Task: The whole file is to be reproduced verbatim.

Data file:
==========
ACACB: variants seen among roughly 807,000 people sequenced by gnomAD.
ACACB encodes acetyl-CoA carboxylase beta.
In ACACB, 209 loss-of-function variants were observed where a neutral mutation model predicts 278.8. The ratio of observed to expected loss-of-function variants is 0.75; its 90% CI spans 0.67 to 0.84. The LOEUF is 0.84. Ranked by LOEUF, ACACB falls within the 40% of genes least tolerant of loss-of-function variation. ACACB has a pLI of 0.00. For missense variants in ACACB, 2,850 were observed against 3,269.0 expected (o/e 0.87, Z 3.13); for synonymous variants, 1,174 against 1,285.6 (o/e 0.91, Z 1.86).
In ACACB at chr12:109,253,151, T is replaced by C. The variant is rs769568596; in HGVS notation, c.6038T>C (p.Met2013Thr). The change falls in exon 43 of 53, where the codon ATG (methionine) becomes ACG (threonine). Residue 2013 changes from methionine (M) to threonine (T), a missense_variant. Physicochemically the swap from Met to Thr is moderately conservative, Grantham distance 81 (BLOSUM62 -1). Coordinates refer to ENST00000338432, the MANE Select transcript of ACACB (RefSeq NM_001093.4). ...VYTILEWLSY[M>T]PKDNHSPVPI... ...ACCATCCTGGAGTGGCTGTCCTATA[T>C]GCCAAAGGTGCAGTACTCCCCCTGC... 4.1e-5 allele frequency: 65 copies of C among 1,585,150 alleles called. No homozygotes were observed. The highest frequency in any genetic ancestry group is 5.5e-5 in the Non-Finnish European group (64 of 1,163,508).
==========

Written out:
ACACB: variants seen among roughly 807,000 people sequenced by gnomAD.
ACACB encodes acetyl-CoA carboxylase beta.
In ACACB, 209 loss-of-function variants were observed where a neutral mutation model predicts 278.8. The ratio of observed to expected loss-of-function variants is 0.75; its 90% CI spans 0.67 to 0.84. The LOEUF is 0.84. Ranked by LOEUF, ACACB falls within the 40% of genes least tolerant of loss-of-function variation. ACACB has a pLI of 0.00. For missense variants in ACACB, 2,850 were observed against 3,269.0 expected (o/e 0.87, Z 3.13); for synonymous variants, 1,174 against 1,285.6 (o/e 0.91, Z 1.86).
In ACACB at chr12:109,253,151, T is replaced by C. The variant is rs769568596; in HGVS notation, c.6038T>C (p.Met2013Thr). The change falls in exon 43 of 53, where the codon ATG (methionine) becomes ACG (threonine). Residue 2013 changes from methionine (M) to threonine (T), a missense_variant. Physicochemically the swap from Met to Thr is moderately conservative, Grantham distance 81 (BLOSUM62 -1). Coordinates refer to ENST00000338432, the MANE Select transcript of ACACB (RefSeq NM_001093.4). ...VYTILEWLSY[M>T]PKDNHSPVPI... ...ACCATCCTGGAGTGGCTGTCCTATA[T>C]GCCAAAGGTGCAGTACTCCCCCTGC... 4.1e-5 allele frequency: 65 copies of C among 1,585,150 alleles called. No homozygotes were observed. The highest frequency in any genetic ancestry group is 5.5e-5 in the Non-Finnish European group (64 of 1,163,508).